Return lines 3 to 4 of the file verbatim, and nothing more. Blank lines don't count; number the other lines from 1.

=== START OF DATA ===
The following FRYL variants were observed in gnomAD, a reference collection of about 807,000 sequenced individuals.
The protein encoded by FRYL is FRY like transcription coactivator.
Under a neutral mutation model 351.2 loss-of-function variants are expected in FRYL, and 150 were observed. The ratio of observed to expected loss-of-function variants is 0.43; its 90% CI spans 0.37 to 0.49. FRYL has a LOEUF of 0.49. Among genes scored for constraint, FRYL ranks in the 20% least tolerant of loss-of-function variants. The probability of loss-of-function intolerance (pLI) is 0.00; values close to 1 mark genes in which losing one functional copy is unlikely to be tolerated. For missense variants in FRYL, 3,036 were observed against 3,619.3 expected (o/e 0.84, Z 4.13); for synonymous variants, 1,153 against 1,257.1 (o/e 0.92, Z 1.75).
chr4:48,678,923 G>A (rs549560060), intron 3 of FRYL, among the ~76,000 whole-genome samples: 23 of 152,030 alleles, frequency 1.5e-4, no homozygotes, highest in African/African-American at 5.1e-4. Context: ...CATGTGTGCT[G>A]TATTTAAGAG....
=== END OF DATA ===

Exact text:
Under a neutral mutation model 351.2 loss-of-function variants are expected in FRYL, and 150 were observed. The ratio of observed to expected loss-of-function variants is 0.43; its 90% CI spans 0.37 to 0.49. FRYL has a LOEUF of 0.49. Among genes scored for constraint, FRYL ranks in the 20% least tolerant of loss-of-function variants. The probability of loss-of-function intolerance (pLI) is 0.00; values close to 1 mark genes in which losing one functional copy is unlikely to be tolerated. For missense variants in FRYL, 3,036 were observed against 3,619.3 expected (o/e 0.84, Z 4.13); for synonymous variants, 1,153 against 1,257.1 (o/e 0.92, Z 1.75).
chr4:48,678,923 G>A (rs549560060), intron 3 of FRYL, among the ~76,000 whole-genome samples: 23 of 152,030 alleles, frequency 1.5e-4, no homozygotes, highest in African/African-American at 5.1e-4. Context: ...CATGTGTGCT[G>A]TATTTAAGAG....